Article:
England has more golf courses than ever – although the land is changing

The latest figures show England’s golf course count has almost doubled since 1990 and more people are playing golf than at any time since the mid-19th century Most people have probably heard the story…

England has more golf courses than ever – although the land is changing

The latest figures show England’s golf course count has almost doubled since 1990 and more people are playing golf than at any time since the mid-19th century

Most people have probably heard the story of the golfer and the ice rink. Nick Faldo is considered the last person to drop by a rink in it, only to hit his putt so hard that the ice melted on the tarmac while it still looked in pristine condition.

Nick Faldo to return to Ryder Cup on a spotter’s cart Read more

The theme fits golf more than most, for as many people think it is merely a pastime as are proficient players of the game. While golf course counts do not yet have exact figures, the latest figures suggest England has more than doubled its golf course count since 1990.

The daily average of players at courses dropped slightly in 2018 to 17,634 from 17,949 in 2017, a 1.9% fall. But that is still up on the 7,121 recorded in 1990.

Northumberland, North Yorkshire and North London saw the biggest annual increase in courses in England – 35%, 29% and 28% respectively.

England’s golf is still, however, on the decline elsewhere, with the country having almost half the number of courses than it did in 1950.

In the 1990 census, there were 13,284 courses in England and Wales, just half as many as the 28,000 total in 2018. In fact, the golfing topography in England has changed. In the previous census, the topography of eastern England was dominated by Atlantic swampland, whereas in the 2020 census, it is largely farmland.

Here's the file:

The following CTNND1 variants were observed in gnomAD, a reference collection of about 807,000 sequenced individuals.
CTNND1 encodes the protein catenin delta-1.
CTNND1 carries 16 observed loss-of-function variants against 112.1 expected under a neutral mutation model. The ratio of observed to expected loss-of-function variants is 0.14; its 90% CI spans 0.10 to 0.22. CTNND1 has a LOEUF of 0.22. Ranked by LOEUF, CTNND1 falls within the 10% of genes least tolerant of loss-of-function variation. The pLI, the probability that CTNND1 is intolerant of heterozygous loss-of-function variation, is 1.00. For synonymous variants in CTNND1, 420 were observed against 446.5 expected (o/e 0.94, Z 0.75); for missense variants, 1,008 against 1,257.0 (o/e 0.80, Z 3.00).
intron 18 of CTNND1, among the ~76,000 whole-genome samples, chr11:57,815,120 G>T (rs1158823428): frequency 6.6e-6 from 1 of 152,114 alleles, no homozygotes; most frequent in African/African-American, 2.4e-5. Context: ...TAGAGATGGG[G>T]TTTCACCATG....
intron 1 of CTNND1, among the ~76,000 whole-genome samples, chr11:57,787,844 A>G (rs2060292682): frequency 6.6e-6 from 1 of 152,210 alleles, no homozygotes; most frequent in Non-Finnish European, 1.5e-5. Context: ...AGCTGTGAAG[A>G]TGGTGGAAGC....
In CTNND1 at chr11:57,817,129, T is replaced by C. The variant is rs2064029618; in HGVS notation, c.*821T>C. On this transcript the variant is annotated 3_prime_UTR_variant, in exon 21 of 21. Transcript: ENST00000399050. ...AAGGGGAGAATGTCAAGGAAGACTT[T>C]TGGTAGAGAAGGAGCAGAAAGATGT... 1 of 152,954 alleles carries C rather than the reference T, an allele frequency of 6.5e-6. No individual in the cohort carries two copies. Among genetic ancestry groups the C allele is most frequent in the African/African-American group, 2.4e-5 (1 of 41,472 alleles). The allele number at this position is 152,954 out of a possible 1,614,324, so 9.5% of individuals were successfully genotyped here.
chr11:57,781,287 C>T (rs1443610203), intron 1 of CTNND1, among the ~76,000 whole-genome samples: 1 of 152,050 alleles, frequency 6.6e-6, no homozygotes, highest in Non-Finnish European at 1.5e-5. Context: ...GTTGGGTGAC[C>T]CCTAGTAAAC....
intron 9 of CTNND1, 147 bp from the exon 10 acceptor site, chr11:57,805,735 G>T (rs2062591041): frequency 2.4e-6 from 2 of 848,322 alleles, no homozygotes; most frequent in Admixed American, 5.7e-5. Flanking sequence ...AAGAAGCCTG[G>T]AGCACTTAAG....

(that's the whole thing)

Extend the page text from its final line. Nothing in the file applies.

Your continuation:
Oldies’ tips: 10 tips from the Golfing Lad to give you a round of golf Read more

Melquiades E Silva, the golfing sciences expert at the University of Exeter, said: “England’s golfing landscape was driven primarily by the development of human settlements along the Atlantic coast. There were many clear environmental barriers to the development of golf, with the Atlantic swamps and rivers.

“This was also the time when England was largely unspoilt and virgin land. Over the last 130 years the landscape has been transformed so that since the 1990 census we are far more evenly spread.”

England has also lost some golf courses. Over the last 40 years around 1,000 have closed, according to the latest available Department for Environment, Food and Rural Affairs annual report.

As well as replacing clear-felled plantations with farm land, courses on primary and other agricultural land have been less affected by development.

Golf as an association is relatively new. In 2010, it was recognised by the UK parliament as a separate registered institution of state, unlike sports such as rugby union or football. The golf British Association was established the following year and today has over 900 member organisations and more than 320 affiliated clubs, including players in India and Zimbabwe.

• This article was amended on 19 December 2018 to remove a photograph of pro-golfer Nick Faldo.

Leave a Comment